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ME 5800- Syllabus

by: Nisarg Bettaswamy

ME 5800- Syllabus ME 5800

Nisarg Bettaswamy
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About this Document

Introduction to Topics covered
Combustion Engines
Usman Asad
Class Notes




Popular in Combustion Engines

Popular in Mechanical Engineering

This 8 page Class Notes was uploaded by Nisarg Bettaswamy on Thursday January 14, 2016. The Class Notes belongs to ME 5800 at Wayne State University taught by Usman Asad in Winter 2016. Since its upload, it has received 148 views. For similar materials see Combustion Engines in Mechanical Engineering at Wayne State University.


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Date Created: 01/14/16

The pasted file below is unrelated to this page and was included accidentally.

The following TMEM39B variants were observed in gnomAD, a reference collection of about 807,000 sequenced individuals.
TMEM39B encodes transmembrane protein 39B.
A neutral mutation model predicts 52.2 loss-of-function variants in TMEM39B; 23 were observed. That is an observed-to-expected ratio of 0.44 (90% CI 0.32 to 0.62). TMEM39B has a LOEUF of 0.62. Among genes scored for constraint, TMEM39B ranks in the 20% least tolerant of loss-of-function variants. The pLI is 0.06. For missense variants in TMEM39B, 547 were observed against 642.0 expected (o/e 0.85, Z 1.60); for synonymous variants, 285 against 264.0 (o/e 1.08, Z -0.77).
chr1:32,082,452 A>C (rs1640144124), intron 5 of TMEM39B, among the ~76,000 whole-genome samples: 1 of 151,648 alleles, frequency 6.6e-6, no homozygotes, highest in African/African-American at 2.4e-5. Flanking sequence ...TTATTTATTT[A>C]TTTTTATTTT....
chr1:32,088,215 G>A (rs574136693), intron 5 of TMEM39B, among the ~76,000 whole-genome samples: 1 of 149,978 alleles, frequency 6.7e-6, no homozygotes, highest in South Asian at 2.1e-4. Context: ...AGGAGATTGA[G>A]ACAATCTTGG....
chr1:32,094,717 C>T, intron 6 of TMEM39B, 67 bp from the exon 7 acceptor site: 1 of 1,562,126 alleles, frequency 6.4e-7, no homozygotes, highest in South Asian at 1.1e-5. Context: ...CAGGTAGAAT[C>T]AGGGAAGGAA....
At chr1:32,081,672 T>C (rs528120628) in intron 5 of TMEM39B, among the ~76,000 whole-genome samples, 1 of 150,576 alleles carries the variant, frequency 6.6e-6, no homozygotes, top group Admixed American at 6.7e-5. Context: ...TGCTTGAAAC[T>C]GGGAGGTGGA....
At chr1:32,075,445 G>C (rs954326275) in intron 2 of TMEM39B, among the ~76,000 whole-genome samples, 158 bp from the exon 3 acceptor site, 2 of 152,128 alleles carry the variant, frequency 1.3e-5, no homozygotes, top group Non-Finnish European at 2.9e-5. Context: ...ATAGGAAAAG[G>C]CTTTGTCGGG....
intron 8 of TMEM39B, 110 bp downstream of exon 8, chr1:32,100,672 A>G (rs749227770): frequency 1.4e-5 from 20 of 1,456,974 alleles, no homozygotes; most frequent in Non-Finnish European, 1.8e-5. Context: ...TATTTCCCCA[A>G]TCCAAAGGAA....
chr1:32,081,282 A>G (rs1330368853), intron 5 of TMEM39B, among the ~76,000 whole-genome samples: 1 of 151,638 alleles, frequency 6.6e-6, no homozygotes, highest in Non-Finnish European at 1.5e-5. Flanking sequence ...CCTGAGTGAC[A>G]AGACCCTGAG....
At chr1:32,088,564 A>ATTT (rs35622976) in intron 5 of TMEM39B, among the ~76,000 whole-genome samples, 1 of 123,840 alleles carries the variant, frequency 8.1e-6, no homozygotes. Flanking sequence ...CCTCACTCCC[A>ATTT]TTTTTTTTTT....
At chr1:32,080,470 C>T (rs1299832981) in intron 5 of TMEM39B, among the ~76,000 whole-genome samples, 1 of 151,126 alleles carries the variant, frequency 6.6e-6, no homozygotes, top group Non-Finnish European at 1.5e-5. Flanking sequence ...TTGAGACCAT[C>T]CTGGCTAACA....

The course outline of topics: Exam grades: Quizzes: Un-announced closed book & closed notes quizzes in class Homework: Problems and numerical cycle analysis assignments (submit hard copies) Project: Engine simulation modeling using GT Power software (submit hard copies) Exams: 3 Exams (2 Midterms, 1 Final) Unless otherwise noted, all tests are in-class, Exam # 1 is closed book/closed notes, Exam # 2 is open-book and open-notes, Exam # 3 has 2 parts: Part 1 is closed notes and closed book; Part 2 is open notes and open book Grading: Quizzes (10%), HW (15%), Project (15%), Exams (15%, 15%, 30%) Text book referred by professor Usman: Heywood, J., Internal Combustion Engine Fundamentals, McGraw-Hill, 1988. (Recommended)  Stone, R., Introduction to Internal Combustion Engines, 4th Edition, SAE International, 2012. (Reference)  Obert, E., Internal Combustion Engines and Air Pollution, Harper & Row Publishers, 1973 (reference)  Stone, R., “Introduction to Internal Combustion Engines, 3rd ed., 1999, ISBN0768004950  Stone, R., “Introduction to Internal Combustion Engines, 2nd ed., 1993, ISBN1560913908  Pulkrabek, W., “Engineering Fundamentals of the Internal Combustion Engine”, 2nd ed., 2004, ISBN0131405705 Lecture 1: Introduction to combustion engines: Syllabus was discussed in the previous document and how the exam outline was. This session will be all about introduction to comustion engines, types of engines, emissions, and few concepts which need some thinking on it. ENVIRONMENT, AIR QUALITY VS ENERGY DEMAND:The effects resulting due to harmful emissions from automotives, deforestation and so on. • Acid Rain • Smog - Nitric Oxides • Particulates PM2.5 & PM10 • Ozone Depletion • Global Warming –CO2. Vehicular Emissions: The following are harmful emissions which affect the world existence and living, they are •Carbon dioxide (CO2) – Every litre of gasoline that is burned produces about 2.4 kg of CO2 •Nitrogen oxides (NOx) •Hydrocarbons (HC) •Sulphur dioxide (SO2) •Particulate matter (PM2.5 & PM10) •Ozone (O3) 1] Carbon dioxide Sources: The combustion of fossil fuels (oil, gasoline, coal, etc.); deforestation. Impacts: Responsible for over 60% of the enhanced greenhouse effect, causing climate change. 2] Nitrogen oxides (NOx) Sources: Residential and agricultural fertilizers; high temperature combustion of fossil fuels; incinerators. Impacts: NOx contribute to formation of ground level ozone (smog), impair visibility, and have health consequences 3] Hydrocarbons (HC) Sources: Incomplete combustion of fossil fuel. Impacts: Reacts with NOx and sunlight to form photochemical pollution (smog), mainly ground-level ozone. 4] Sulfur dioxide (SO2) Sources: Combustion of fossil fuels, especially in locomotives, large ships, and construction equipment; mineral extraction from ore, gasoline from oil. Impacts: Forms acid rain; forms atmospheric particles, reducing visibility and aggravating existing heart and lung diseases. 5] Particulate matter (PM10) Sources: Combustion of fossil fuels, forest and stubble fires, mechanical wear of vehicles parts (brake lining, tires, etc.). Impacts: Particles enter deeply into lungs, adhere to tissue; aggravates asthma, causes respiratory illness,causes premature death. 6] Ozone (O3) Sources:Ozone is not produced directly by vehicles. Ground-level ozone is produced when nitrogen oxides (NOx), carbon monoxide (CO) and volatile organic compounds (VOCs), such as xylene, react in the atmosphere in the presence of sunlight. NOx and VOCs are called ozone precursors. Impacts: Respiratory illness and distress, ozone makes people more sensitive to allergens, which in turn trigger asthma attacks Reference : For Information on Global warming year wise general estimation, Green house gas emissions of various countries the graphs can be looked in the below references. Benefits/Climate-Change.aspx LARGEST DIESEL ENGINE • Configuration: Turbocharged two-stroke diesel straight engine, 6 to 14 cylinders • Bore: 960 mm Stroke: 2,500 mm • Displacement: 1,820 litres per cylinder • Engine speed: 22–102 RPM • Mean effective pressure: 1.96 MPa @ full load, 1.37 MPa @ maximum efficiency (85% load) • Specific fuel consumption: 170 g/(kW·h), 158 g/(kWh) at maximum economy • Power: Up to 5,720 kW per cylinder, 34,320– 80,080 kW (46,680–108,920 BHP) total • Torque: Up to 7,603,850 newton metres (5,608,310 lbf·ft) @ 102 rpm • Mass of fuel injected per cylinder per cycle ~160 g (about 6.5 ounces) @ full load • Crankshaft weight: 300 tons BASIC ENGINE TYPES 1] Fuel type Petrol / Gasoline Diesel 2] Number of strokes per cycle 2 stroke engine 4 stroke engine 3] Air charging Naturally aspirated Supercharged Turbocharged Crankcase compressed 4] Ignition Combustion type Spark Ignition Compression Ignition 5] Cylinder arrangement Single cylinder In-line, straight V (60 to 90°) Horizontally opposed Cylinder Piston Radial 6] Basic design Reciprocating Rotary 7] Fuel delivery Carburetor Port injection (single/multi) Direct injection 8] Cooling Air cooled Liquid (water) cooled Turbocharger related information: http://www.formula1- INTERNAL COMBUSTION ENGINE • The internal combustion (IC) engine is a heat engine that converts chemical energy contained in a fuel into mechanical energy, usually made available on a rotating output shaft. Historical Development: • 1824 - Thermodynamic theory of idealized heat engines • Carnot Cycle • 1859 - Crude Oil discovered • 1860 - Lenoir engine (6 hp,  = 5%), first IC engine • 1867 - Otto-Langen engine ( = 11%, 90 rpm max) • 1876 - Otto four stroke “spark ignition” engine ( = 14%, 160 rpm max) • 1882 - Atkinson Cycle Engine Two stroke engine • 1888 - Pneumatic rubber tire (Dunlap) • 1892 - Diesel four stroke “compression ignition” engine • 1896 - Benz Boxer Engine (horizontally opposed, flat) • 1954 - Wenkel “rotary” engine IC engine : Coil on plug Cam shaft Exhaust Pisto valve Intake valve Connecting Timing Chain Crank shaft Crank Engine working process: 4 Stroke engine. Four stroke engine animated : 2 stroke advantages and disadvantages : engines-overview-advantages-disadvantages/ Differences between 2 stroke and 4 stroke engine: stroke-engines.html